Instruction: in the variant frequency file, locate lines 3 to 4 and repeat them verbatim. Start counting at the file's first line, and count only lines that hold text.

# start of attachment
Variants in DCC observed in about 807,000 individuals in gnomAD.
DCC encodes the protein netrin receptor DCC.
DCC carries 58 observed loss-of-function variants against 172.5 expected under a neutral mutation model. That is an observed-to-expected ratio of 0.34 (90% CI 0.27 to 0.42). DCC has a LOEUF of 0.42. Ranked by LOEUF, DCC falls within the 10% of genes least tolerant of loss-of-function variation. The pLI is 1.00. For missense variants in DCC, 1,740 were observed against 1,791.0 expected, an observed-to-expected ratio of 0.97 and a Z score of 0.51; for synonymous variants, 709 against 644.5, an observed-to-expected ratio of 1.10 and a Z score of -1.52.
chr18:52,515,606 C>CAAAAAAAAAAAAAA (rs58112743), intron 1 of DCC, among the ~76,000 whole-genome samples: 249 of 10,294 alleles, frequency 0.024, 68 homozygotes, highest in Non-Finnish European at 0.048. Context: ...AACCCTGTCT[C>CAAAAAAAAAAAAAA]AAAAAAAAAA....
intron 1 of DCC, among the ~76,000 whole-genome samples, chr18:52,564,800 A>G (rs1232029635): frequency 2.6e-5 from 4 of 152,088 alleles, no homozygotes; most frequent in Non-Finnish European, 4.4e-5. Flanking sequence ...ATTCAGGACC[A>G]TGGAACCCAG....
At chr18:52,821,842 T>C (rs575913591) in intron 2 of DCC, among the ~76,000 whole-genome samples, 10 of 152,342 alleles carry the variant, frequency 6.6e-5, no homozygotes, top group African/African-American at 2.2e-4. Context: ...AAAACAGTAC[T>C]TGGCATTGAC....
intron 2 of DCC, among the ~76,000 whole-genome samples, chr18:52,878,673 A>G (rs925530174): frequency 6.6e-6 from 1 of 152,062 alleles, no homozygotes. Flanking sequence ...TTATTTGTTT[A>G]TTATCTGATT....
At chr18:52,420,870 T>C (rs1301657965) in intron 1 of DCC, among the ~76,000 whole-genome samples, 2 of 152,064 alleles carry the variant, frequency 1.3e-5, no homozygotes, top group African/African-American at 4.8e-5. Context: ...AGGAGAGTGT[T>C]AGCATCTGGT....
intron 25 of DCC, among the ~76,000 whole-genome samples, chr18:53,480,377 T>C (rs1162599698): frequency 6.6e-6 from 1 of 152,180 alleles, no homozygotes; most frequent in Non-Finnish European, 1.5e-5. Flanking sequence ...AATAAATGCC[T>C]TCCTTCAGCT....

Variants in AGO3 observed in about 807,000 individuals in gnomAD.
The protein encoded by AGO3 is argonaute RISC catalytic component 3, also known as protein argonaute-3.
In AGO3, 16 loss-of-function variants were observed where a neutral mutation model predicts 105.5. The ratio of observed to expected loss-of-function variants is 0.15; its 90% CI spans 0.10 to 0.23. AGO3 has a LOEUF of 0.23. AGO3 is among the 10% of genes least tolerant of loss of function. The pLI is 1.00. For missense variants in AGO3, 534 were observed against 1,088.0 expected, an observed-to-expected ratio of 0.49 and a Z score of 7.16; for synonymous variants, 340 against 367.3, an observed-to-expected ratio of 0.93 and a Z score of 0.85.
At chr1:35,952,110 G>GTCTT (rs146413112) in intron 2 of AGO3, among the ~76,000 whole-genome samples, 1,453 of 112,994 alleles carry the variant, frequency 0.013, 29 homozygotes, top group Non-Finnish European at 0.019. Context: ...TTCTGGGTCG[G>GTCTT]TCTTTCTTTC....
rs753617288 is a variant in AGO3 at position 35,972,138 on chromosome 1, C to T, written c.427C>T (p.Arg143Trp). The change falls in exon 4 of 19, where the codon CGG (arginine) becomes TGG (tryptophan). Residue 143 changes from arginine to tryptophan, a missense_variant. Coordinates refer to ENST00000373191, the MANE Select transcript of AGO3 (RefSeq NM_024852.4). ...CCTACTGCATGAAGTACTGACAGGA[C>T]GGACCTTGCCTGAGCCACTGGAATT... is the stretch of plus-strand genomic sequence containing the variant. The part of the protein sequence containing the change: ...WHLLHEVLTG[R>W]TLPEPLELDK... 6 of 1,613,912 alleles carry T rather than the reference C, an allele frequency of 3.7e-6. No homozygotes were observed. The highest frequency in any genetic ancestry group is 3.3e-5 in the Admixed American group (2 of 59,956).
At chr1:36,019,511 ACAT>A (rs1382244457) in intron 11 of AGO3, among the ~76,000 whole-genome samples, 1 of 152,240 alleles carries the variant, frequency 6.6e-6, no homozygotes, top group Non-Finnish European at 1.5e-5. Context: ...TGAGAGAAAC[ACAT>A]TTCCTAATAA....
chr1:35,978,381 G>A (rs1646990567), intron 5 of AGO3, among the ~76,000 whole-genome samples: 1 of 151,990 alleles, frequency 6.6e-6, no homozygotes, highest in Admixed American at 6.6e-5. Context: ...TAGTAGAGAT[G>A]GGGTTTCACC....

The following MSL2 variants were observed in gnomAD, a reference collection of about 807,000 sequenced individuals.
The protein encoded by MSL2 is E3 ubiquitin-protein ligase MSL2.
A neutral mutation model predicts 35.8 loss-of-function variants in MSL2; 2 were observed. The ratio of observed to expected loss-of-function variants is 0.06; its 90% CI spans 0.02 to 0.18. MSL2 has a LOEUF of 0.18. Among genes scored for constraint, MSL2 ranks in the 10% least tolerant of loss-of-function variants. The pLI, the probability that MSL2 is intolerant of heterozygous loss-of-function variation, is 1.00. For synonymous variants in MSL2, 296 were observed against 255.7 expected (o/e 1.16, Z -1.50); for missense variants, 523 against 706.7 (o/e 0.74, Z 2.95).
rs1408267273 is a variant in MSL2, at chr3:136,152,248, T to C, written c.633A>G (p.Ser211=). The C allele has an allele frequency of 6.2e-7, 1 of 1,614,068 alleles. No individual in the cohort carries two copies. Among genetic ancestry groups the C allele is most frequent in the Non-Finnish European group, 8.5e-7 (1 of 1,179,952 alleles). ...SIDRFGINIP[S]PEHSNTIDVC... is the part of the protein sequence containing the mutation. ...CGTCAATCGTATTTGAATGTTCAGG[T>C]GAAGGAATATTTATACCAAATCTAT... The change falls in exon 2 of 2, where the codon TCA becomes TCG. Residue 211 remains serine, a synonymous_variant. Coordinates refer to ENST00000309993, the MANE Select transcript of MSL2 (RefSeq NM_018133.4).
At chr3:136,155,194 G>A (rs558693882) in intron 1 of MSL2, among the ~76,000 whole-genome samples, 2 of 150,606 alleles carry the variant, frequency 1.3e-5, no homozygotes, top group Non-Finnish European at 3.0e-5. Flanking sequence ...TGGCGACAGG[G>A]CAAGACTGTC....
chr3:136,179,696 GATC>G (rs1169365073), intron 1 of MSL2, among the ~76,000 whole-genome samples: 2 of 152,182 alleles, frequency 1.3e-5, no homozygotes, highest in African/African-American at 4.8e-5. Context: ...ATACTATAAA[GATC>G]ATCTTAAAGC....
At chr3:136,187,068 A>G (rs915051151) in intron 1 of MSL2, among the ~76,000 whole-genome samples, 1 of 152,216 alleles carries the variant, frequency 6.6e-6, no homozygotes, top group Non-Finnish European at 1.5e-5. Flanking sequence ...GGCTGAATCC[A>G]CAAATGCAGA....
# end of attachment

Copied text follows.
DCC carries 58 observed loss-of-function variants against 172.5 expected under a neutral mutation model. That is an observed-to-expected ratio of 0.34 (90% CI 0.27 to 0.42). DCC has a LOEUF of 0.42. Ranked by LOEUF, DCC falls within the 10% of genes least tolerant of loss-of-function variation. The pLI is 1.00. For missense variants in DCC, 1,740 were observed against 1,791.0 expected, an observed-to-expected ratio of 0.97 and a Z score of 0.51; for synonymous variants, 709 against 644.5, an observed-to-expected ratio of 1.10 and a Z score of -1.52.
chr18:52,515,606 C>CAAAAAAAAAAAAAA (rs58112743), intron 1 of DCC, among the ~76,000 whole-genome samples: 249 of 10,294 alleles, frequency 0.024, 68 homozygotes, highest in Non-Finnish European at 0.048. Context: ...AACCCTGTCT[C>CAAAAAAAAAAAAAA]AAAAAAAAAA....